Quick Takes: Battle Continues on South African Scholar, Scholarships for Veterans, UCLA Reforms Dental Admissions, Public Crisis, Antioch Layoff Letter Withdrawn, Good Prospects for Graduating Seniors, MCAT Help for Canada, Loyal Alumni to the End
Submitted by Scott Jaschik on November 15, 2007 - 4:00am
Federal officials have finally said why they were delaying -- and eventually rejecting -- the visa application of Adam Habib, a prominent South African social scientist, to come to the United States for various academic meetings. Legal papers filed by the government said Habib "had engaged in terrorist activities." But those papers didn't detail the allegations, which were immediately denounced by Habib's many backers. The American Civil Liberties Union and others are suing over the visa denial. Habib was supposed to be in the United States in August to deliver a talk at the annual meeting of the American Sociological Association, but he couldn't obtain a visa so his talk was called off.
A number of large public universities have been creating programs to provide scholarships and other assistance to veterans. Wesleyan University, well known for the liberal politics and anti-war sentiments of its students, this week announced two new full scholarships to give servicemen and servicewomen four years of study at the institution. The scholarships were created by two alumni gifts. One of the donors, Frank Sica, said he was motivated to give by the gap between veterans' education benefits and the costs of attending a private liberal arts college. The other donor, Jonathan Soros, said: "I want to help reduce disconnect between policymakers and the military. For many at a liberal arts college, interacting with the men and women of the military is not part of their experience. I see a real educational opportunity in which veterans benefit from a liberal arts education, and the community benefits by learning from people of different backgrounds and confronting realities they wouldn't otherwise directly encounter."
The University of California at Los Angeles -- facing charges of favoritism in admissions decisions for its dental school -- has announced a series of rules to assure fairness, the Los Angeles Times reported. Among the reforms: Members of an admissions review committee must recuse themselves if they are related to, are close friends with or have a business ties to an applicant or that applicant's family members. In addition, professors will not be able to join the admissions committee on years that they have a family member applying.
Public higher education in the United States can learn from its counterparts abroad, according to a compilation of papers from a symposium on the topic and released Wednesday. "The Crisis of the Publics" was released by the Center for Studies in Higher Education at the University of California at Berkeley.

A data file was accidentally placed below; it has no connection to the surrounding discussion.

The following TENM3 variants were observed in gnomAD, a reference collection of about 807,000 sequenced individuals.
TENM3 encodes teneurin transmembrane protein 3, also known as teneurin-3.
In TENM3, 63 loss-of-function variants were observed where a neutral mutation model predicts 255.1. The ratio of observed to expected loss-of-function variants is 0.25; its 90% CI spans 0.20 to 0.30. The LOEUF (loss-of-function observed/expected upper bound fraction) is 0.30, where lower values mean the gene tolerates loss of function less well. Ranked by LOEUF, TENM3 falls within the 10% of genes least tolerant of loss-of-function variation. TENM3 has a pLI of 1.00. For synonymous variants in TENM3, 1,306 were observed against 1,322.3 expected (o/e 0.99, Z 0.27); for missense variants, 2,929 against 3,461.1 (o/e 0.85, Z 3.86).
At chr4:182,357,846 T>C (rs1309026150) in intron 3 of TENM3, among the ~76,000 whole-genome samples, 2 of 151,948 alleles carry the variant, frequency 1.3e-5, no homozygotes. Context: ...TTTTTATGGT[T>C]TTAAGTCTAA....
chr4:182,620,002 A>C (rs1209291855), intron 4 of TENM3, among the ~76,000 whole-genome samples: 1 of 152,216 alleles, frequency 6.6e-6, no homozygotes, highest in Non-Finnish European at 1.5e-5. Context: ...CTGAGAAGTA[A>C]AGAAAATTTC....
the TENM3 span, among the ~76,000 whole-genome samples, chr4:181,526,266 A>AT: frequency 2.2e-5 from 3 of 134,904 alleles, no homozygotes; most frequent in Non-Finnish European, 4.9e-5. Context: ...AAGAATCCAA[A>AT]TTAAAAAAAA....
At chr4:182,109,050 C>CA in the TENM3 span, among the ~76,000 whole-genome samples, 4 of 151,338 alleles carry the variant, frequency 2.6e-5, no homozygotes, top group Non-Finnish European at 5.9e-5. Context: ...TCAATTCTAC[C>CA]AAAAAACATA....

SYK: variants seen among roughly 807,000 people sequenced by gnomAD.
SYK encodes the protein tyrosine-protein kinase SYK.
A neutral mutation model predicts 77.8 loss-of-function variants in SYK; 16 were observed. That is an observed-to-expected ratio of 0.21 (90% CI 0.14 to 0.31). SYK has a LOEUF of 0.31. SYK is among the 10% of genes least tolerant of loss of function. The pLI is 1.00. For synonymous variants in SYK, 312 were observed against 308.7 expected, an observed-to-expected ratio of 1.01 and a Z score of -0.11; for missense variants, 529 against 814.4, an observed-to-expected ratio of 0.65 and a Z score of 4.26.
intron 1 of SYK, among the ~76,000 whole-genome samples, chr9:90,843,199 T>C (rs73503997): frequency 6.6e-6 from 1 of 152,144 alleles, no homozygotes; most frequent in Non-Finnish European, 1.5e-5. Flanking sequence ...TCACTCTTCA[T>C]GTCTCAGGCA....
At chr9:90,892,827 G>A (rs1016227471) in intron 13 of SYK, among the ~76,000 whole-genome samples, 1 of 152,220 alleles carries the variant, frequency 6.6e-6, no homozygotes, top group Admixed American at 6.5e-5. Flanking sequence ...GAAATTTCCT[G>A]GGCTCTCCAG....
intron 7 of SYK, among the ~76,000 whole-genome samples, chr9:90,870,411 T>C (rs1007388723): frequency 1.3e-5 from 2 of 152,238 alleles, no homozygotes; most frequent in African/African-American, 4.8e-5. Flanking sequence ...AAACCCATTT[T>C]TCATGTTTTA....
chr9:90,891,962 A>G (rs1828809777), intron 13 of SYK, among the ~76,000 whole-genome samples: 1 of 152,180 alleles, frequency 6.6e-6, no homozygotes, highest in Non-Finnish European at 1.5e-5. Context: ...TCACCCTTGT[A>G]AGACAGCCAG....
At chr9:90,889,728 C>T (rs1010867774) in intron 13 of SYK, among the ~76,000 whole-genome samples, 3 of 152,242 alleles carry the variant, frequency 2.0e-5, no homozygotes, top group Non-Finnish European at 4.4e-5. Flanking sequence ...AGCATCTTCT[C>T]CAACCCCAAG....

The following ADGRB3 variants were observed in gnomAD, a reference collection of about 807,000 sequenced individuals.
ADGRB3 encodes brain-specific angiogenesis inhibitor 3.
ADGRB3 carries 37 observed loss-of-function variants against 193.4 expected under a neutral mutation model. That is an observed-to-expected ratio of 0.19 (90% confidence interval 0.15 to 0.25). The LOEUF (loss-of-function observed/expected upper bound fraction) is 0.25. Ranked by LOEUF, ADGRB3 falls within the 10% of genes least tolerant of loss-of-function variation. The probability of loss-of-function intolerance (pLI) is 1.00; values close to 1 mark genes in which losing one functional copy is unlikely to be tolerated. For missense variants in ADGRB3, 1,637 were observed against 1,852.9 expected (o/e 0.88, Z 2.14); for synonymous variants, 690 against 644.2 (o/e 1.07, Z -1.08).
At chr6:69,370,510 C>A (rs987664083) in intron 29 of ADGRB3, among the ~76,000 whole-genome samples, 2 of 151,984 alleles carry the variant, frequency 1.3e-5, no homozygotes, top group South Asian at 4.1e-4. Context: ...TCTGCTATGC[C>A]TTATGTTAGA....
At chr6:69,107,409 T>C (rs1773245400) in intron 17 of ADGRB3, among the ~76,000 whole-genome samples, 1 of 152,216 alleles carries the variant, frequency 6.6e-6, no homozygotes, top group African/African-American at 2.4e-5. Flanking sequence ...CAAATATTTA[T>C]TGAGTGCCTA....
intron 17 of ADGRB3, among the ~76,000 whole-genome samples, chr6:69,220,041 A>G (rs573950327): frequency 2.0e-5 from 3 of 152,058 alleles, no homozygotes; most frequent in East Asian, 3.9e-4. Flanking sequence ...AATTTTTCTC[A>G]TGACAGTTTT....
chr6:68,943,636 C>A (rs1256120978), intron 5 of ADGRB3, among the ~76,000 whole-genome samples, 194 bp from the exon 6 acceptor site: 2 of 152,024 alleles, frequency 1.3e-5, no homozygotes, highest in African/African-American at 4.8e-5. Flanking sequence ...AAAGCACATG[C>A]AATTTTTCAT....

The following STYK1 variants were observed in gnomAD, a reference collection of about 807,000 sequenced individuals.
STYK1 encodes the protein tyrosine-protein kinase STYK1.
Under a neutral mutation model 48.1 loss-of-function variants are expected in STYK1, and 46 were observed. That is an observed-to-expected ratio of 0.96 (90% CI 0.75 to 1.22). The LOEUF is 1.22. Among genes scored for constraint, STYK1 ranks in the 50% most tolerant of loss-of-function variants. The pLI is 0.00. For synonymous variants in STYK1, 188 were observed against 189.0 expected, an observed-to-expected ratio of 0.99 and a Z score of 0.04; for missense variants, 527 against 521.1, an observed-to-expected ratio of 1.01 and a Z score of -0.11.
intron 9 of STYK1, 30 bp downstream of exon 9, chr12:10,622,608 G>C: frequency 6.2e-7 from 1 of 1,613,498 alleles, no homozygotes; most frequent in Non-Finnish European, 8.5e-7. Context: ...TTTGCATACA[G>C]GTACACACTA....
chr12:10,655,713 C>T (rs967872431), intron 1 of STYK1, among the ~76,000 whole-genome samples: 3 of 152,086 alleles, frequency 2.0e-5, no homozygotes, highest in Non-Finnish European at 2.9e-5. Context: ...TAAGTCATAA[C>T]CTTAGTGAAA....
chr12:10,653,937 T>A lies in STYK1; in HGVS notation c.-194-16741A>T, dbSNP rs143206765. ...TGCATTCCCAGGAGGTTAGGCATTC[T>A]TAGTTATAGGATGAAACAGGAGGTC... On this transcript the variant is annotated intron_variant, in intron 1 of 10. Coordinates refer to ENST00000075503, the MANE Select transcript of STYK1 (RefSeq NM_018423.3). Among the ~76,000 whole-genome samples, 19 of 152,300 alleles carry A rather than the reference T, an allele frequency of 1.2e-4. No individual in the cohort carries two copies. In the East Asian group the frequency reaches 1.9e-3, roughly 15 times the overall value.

Antioch University officials said Wednesday that Andrzej Bloch, interim president of Antioch College, has withdrawn a letter that angered many professors and alumni by telling faculty that their employment after this academic year would be limited. “It is likely that a significant number of the current faculty will NOT be re-employed for the 2008-2009 academic year,” he wrote, suggesting that professors “plan your personal and professional lives accordingly.” The letter has not been replaced with another, said a university spokeswoman, but the letter has been withdrawn and no longer stands.
Employers expect a 7 percent increase in the number of jobs for graduating seniors in the arts and sciences this year, according to a national survey conducted at Michigan State University.
The Association of American Medical Colleges is vowing to prevent a recurrence of problems for Canadians taking the Medical College Admission Test -- problems that forced many of them to travel to the United States to take the exam, Maclean's reported. The MCAT is required by many Canadian medical schools, but only 3,000 slots were offered in Canada during the peak testing season this year, even though 6,000 Canadians took the exam during the same period the previous year. The MCAT's switch to a computer test has made offering slots more complicated than in the paper and pencil days.
The Board of Regents of the University System of Georgia has agreed to review a ban on logos from system institutions being placed on items that may "cause embarrassment or ridicule." The Atlanta Journal-Constitution reports that the rule keeps Georgia colleges and universities' symbols off of sex toys, toilet seats, alcoholic beverages and caskets, among other things. The review is taking place at the request of a business that sells caskets with university insignias.